I have been in Yendi for almost two weeks now, so I figure it’s time for a location profile. Let’s start with some facts and history. Yendi is a really interesting place – I keep learning new things every day. Here is the some of my learnings on the place!
Yendi is a district, with a population of about 125,000. Because of the size, Yendi is known as a municipality, which is a step above the district. I am living in the capital, which is also called Yendi. The city is part of the eastern corridor, a main yam route for Ghana. So the fufu is fantastic! (side note: despite many North American grocery store beliefs, yams are NOT sweet potatoes.)
The city of Yendi is the traditional capital of the Dagbon Kingdom, which comprises the Dagomba people. It seats the Ya-Na, who is the overlord, or top chief, of the Dagomba. And you guessed it -the Dagomba speak Dagbani, that language that I am learning, biela biela (gradually).The district of Yendi is also home to many other ethnic groups: the Konkombas, Akans, Ewes, Basares, Chokosis, Hausas and Moshies.
There are some interesting attractions in the Yendi area: one of them is the site of the Abido Dale, where the battle of the Germans and the Dagombas took place in 1897 as a resistance to slave raiding. It is said that the great warrior Kambona-Kpema rode his horse up the side of a baobab tree, and you can still see the hoof prints today. The Greenwich Meridian also passes straight through Yendi!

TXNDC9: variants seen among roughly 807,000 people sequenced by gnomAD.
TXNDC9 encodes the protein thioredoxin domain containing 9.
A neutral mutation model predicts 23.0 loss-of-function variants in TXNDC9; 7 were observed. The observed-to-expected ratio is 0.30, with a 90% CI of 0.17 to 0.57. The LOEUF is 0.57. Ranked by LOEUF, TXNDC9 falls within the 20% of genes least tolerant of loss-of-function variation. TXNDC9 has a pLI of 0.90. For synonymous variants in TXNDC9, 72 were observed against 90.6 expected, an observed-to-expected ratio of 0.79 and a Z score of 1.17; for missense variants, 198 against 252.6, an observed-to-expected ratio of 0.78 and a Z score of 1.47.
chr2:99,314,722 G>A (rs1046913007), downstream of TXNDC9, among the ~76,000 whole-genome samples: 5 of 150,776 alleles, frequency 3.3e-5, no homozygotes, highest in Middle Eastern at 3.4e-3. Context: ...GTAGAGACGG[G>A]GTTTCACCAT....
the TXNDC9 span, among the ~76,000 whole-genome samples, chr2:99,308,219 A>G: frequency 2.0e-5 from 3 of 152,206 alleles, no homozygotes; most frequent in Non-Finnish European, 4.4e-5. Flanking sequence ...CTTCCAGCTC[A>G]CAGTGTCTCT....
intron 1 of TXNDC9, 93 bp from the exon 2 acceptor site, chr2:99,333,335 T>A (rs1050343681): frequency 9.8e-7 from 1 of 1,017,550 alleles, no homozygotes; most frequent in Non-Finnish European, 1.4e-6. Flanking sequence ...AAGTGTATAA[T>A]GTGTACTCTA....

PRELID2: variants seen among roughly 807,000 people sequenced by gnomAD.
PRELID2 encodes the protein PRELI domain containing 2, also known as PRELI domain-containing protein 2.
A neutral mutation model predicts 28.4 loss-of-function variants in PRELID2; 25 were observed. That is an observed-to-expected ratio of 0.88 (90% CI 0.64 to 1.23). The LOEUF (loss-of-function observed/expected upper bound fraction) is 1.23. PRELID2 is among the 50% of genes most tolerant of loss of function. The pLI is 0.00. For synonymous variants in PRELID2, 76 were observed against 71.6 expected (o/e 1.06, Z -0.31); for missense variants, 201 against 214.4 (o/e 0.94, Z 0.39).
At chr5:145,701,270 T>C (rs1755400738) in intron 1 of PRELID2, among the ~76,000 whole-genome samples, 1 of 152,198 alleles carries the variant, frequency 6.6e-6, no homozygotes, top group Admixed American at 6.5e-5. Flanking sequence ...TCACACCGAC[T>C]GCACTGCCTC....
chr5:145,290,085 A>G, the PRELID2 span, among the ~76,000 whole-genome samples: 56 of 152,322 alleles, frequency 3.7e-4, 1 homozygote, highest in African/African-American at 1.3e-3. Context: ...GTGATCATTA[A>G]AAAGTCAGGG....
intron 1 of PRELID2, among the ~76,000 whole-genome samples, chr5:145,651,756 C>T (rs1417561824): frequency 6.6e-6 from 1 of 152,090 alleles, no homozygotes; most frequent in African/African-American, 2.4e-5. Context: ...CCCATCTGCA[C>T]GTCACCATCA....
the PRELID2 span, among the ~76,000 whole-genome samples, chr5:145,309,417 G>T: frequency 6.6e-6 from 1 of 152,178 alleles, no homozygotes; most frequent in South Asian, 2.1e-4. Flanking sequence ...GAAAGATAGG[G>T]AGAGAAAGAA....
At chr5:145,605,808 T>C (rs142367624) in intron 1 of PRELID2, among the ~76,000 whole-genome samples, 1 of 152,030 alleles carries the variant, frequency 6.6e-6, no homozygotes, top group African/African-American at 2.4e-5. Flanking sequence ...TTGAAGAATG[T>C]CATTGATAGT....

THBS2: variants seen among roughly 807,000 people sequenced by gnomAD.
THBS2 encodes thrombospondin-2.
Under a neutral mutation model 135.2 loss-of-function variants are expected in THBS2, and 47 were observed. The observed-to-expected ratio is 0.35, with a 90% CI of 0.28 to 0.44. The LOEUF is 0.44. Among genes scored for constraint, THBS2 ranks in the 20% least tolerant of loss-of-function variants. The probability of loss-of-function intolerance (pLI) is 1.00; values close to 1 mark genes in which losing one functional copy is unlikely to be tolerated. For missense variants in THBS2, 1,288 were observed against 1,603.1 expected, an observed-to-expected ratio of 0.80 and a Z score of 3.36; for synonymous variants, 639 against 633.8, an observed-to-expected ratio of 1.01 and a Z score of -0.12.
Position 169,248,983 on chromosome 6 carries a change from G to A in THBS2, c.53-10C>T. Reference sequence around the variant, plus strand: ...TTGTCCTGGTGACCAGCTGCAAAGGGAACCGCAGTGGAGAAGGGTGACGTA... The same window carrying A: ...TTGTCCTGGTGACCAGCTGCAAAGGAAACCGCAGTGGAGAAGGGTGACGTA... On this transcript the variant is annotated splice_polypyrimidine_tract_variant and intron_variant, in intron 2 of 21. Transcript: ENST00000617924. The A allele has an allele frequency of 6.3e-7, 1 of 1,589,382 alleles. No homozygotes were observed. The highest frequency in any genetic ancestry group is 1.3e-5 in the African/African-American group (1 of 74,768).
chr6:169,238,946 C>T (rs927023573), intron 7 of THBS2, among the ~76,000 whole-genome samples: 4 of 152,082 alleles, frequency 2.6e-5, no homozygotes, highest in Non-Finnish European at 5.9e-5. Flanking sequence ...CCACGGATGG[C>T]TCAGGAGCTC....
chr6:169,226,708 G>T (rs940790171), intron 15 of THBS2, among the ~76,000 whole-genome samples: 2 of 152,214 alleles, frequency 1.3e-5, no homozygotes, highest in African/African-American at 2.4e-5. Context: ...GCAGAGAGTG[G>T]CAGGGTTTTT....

For most of last week, I was living in a guesthouse on the main road. As I walked out, I would suddenly find myself the middle of the action; in front of me, a group of young men with their tros parked in the yard, waiting for them to fill. Just to my right, the lady who makes wicked banku and jolaf rice, under the shade of the building. Further ahead, my friend John, who runs a vodaphone credit stand and is dedicated to teaching me Dagbani as the summer rolls on. The street is always exploding – market ladies with sweet bread and pears (aka avocadoes) in baskets on their heads; children screaming “pure wata, pure wata!”; motos and cars weaving in and out with each other and constant horn honking; gaggles of goats running around, expertly dodging cars (those animals are seriously skilled); the smell of meat over a fire, propane stoves and humid air. The best part is that this commotion starts at the healthy hour of approximately 4:30 to 5:00 AM. Truthfully, I don’t know just how early, because I have yet to actually get up at that hour. Although I have heard from a few people now that they wake up at 3:00 in the morning, latest 4:00. No joke.
I just moved in with my family Friday night after work. The compound is situated right on the outskirts of Yendi, off the road to Saboba district. In my family is my host brother, who is in senior high, his mother, and two younger siblings, who are still toddlers. My brother’s friend from school is also living in our compound, as his family lives in Tamale but he is attending school in Yendi. The father works for an electrical company in Tamale and comes home when he gets a chance. I have really been enjoying my stay so far! 🙂